Momentum swings to depleted Halos
Club won 12 of past 15 heading into series against Rangers
ARLINGTON -- The projected return of Ervin Santana to the Angels' rotation after he passed a test in a Minor League rehab start on Sunday night in Arizona is another indication that momentum has swung back in the direction of the two-time reigning American League West champions.
In a season of emotional upheaval and physical distress, with a crazy-quilt pitching staff in need of constant patching and reinforcement, the Angels have done something wholly remarkable.
Embarking on a three-game American League West showdown series with Texas at Rangers Ballpark in Arlington, manager Mike Scioscia's resilient troupe has a 1 1/2-game division lead over the Rangers -- and the best road record in the league.
That road margin might be mere percentage points over the Yankees with two fewer road games, but the Angels' 21-17 record in unfriendly environs is an achievement that speaks volumes about their collective will -- and unmatched depth.
Remember, this is the team that led the Majors last year with 50 road wins -- matching their home number. Road performance historically is a measure of a team's chemistry and mental toughness.
"We have enough talent in position players in this organization to put a second team on the field," Gary Matthews Jr. said. "And it might finish second in the division."
The Angels just played nine games in National League parks in Interleague Play -- facing the Dodgers, Rockies and Giants, three of the league's hottest clubs -- and won eight times.
This happened with Vladimir Guerrero, the linchpin of the offense the past five seasons, reduced to a pinch-hitting role. With no designated hitter available in those nine games, and with Guerrero still not ready to play right field in his recovery from a pectoral muscle tear, the Angels averaged 7.1 runs in those nine games.
They've won 12 of their past 15, taking the measure of quality opposition with only three-fifths of their original rotation intact and with their two setup artists from last season, Scot Shields and Jose Arredondo, unavailable.
"After everything we've gone through -- the death of a teammate [Nick Adenhart], an unstable rotation, West Coast travel that is much more difficult than what other teams have -- we should be happy to be where we are," Matthews said. "We've been through a lot.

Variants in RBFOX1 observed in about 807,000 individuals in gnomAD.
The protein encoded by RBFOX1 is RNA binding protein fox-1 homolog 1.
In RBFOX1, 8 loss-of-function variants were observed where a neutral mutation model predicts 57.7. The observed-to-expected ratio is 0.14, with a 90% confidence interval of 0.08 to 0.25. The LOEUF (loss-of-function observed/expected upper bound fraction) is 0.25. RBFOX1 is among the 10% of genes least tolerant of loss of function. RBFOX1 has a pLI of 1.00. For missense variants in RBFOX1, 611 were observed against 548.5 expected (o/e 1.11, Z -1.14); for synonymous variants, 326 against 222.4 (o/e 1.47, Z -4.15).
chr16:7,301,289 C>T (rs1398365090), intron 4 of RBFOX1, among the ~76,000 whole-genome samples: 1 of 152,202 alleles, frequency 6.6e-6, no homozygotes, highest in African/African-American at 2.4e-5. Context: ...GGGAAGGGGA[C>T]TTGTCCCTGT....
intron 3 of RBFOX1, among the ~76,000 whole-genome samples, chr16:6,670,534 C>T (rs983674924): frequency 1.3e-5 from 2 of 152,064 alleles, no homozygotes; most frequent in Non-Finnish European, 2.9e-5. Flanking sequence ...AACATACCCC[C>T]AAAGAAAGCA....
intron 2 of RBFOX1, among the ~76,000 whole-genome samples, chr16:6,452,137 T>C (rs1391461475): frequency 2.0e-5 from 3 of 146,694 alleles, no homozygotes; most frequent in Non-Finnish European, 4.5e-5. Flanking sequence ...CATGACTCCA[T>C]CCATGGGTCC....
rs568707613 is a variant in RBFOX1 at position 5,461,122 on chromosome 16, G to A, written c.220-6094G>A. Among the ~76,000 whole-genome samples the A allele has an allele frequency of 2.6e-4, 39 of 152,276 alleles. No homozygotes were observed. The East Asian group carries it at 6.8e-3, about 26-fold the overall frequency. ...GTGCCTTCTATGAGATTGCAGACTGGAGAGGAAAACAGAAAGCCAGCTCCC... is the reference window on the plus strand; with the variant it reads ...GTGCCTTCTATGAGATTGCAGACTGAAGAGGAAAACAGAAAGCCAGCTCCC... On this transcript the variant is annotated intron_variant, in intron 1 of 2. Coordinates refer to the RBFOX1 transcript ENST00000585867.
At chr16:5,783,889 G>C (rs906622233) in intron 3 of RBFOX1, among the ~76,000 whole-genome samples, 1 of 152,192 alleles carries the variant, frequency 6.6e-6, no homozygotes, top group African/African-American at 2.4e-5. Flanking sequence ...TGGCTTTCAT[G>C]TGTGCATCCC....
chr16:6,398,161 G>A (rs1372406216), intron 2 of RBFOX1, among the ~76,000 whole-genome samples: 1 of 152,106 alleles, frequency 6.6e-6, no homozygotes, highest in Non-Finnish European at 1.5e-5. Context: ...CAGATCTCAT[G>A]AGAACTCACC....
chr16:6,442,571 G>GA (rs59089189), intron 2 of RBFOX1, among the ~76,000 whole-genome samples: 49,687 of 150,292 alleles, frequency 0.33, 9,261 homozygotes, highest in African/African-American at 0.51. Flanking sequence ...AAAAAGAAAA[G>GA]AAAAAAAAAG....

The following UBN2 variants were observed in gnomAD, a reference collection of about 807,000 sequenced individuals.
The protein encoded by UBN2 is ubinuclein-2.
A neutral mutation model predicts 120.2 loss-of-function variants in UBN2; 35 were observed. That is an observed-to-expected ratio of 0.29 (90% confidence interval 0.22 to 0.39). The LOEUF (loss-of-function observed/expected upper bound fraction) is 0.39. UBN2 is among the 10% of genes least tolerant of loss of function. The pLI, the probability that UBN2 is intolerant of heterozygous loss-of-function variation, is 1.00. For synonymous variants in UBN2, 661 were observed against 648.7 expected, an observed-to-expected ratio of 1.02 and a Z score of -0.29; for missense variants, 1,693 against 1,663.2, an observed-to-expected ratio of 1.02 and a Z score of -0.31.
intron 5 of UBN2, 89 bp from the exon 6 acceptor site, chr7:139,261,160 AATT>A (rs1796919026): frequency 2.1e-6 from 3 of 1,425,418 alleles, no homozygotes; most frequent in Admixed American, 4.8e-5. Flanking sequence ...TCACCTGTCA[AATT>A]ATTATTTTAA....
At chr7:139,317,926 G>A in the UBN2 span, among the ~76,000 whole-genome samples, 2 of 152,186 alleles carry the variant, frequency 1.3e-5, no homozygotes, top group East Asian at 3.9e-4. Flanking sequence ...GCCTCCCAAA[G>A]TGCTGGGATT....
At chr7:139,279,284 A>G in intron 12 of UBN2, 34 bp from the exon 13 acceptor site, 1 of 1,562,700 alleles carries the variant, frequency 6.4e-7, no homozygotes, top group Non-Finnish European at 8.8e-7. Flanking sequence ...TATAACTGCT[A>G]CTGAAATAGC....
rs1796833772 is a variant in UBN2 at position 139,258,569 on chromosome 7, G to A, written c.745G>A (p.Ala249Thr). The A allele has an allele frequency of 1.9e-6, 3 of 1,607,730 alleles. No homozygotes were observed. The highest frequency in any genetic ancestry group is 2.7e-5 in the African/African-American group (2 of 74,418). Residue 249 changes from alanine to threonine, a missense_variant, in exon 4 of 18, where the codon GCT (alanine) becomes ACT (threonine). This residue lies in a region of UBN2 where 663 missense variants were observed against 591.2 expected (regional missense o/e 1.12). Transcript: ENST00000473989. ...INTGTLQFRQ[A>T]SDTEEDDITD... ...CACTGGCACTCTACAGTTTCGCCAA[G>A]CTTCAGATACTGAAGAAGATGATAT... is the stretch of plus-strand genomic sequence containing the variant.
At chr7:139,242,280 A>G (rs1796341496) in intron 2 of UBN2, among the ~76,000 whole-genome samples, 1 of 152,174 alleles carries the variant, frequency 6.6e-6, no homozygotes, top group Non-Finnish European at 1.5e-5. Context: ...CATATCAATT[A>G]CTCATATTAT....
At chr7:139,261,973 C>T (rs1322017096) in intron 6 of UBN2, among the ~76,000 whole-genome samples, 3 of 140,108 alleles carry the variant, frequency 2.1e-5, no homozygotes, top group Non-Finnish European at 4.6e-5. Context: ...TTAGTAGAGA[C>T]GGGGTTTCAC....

"Without the depth we have, there's no way we could have done this. A lot of guys have stepped up and performed."
Power has emerged throughout the lineup, with Torii Hunter -- a viable MVP candidate heading into July -- leading the way along with Juan Rivera, Kendry Morales and Mike Napoli.
These are not the Punch-and-Judy, slap-and-dash Angels of the public's perception. Even the game's insiders don't seem to grasp that this team can beat you with thunder as well as with the lightning provided by the likes of Chone Figgins, Bobby Abreu, Erick Aybar and Maicer Izturis.
Another weapon, Howard Kendrick, appears ready to come back from Triple-A Salt Lake and reclaim his second base job, even though Izturis has played close to an All-Star level there.
The Angels have so much depth, as alluded to by Matthews, they really could field a quality Major League lineup with backups.
Here is how that unit might look: 1. Matthews, CF; 2. Reggie Willits, RF; 3. Izturis, SS; 4. Brandon Wood, 3B; 5. Robb Quinlan, LF; 6. Terry Evans, DH; 7. Jeff Mathis, C; 8. Sean Rodriguez, 2B; 9. Matt Brown, 1B.
That's if you have Mike Napoli starting over Mathis. The two catchers are about as even as it gets: Napoli providing tremendous offensive production, Mathis' defensive skills with few equals.
It was Hunter, in that playfully endearing manner of his, who pointed out that if you combined the best of Napoli and Mathis, "you'd have Johnny Bench." And he's pretty close to the money.
Mathis' defensive skills and athleticism are vastly underrated. A familiar pattern has developed with him with respect to his offense. When he's getting consistent playing time and feeling confident, he hits. He'll never be a threat like Napoli -- who is as lethal as it gets when he finds his groove -- but Mathis has the ability to hit in the .250 range. He's especially dangerous in clutch situations, where he stops thinking and lets his athletic ability kick in.
Any hitter will tell you there's a lot of truth in Yogi Berra's statement that you can't hit and think at the same time. Paralysis through analysis can afflict any hitter, even one as gifted as Kendrick. When he lets his talent flow, he generally flourishes. When he worries too much about technical flaws and tries to please skeptics with a more patient approach, he can fall into a trap.
"If you're worrying about working counts and you let a first-pitch fastball in your wheelhouse go by," Hunter said, "you're only hurting yourself. A lot of times, that first pitch is going to be the best one you see."
Hunter, for example, is batting .462 and slugging .846 with 26 swings at first pitches. Figgins is hitting .479, Rivera .448, Abreu .375 and Kendrick .333 with the count 0-0.
Patience and discipline are fine qualities, but bashing a first-pitch fastball to a gap or over a wall isn't such a bad thing, either.
Lyle Spencer is a reporter for MLB.com. This story was not subject to the approval of Major League Baseball or its clubs.